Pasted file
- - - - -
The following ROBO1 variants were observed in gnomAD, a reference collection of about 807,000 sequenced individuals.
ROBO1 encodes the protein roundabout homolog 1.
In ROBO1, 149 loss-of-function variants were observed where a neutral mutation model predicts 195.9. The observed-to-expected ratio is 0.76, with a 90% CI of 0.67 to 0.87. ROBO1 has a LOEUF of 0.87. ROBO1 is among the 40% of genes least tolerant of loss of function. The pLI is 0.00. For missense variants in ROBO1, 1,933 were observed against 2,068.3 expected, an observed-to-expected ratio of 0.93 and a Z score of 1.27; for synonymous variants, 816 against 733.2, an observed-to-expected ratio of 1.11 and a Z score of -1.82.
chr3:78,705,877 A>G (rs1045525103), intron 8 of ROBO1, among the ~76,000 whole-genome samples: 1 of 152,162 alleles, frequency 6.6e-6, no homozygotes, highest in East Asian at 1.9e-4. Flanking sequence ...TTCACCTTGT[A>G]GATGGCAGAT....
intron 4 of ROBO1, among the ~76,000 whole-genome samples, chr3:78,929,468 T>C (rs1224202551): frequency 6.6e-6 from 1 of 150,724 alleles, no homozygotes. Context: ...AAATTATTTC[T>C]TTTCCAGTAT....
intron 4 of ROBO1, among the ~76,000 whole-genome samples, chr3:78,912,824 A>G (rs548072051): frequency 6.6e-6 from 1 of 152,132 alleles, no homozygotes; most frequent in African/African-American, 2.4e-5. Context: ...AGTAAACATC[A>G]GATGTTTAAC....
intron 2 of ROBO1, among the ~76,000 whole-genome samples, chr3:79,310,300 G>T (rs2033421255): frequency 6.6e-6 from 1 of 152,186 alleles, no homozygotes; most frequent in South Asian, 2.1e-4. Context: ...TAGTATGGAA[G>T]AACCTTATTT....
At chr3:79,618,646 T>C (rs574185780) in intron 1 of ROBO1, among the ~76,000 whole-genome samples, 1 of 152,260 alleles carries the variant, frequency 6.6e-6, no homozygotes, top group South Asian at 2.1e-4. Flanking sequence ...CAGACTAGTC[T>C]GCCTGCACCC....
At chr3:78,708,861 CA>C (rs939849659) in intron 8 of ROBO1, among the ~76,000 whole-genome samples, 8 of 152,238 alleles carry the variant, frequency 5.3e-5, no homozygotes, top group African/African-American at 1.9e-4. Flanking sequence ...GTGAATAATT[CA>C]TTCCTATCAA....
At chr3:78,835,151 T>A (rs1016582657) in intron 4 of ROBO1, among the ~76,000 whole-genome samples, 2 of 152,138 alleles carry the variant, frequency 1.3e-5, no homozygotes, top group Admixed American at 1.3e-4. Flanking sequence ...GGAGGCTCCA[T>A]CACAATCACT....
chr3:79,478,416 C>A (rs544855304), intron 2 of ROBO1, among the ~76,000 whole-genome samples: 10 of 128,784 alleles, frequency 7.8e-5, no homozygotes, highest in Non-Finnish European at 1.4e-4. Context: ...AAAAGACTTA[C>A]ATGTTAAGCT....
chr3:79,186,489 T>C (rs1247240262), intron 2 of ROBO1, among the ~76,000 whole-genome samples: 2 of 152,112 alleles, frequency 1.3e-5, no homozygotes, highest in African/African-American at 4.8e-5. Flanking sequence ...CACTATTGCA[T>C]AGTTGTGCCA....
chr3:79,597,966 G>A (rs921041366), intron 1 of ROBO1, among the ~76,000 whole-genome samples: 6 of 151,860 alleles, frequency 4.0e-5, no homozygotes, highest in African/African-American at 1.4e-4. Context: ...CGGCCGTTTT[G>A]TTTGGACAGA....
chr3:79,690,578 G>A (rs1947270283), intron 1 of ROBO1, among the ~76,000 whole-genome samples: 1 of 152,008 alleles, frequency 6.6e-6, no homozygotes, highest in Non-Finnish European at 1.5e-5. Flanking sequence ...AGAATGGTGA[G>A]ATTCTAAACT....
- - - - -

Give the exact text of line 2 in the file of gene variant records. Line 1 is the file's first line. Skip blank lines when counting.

ROBO1 encodes the protein roundabout homolog 1.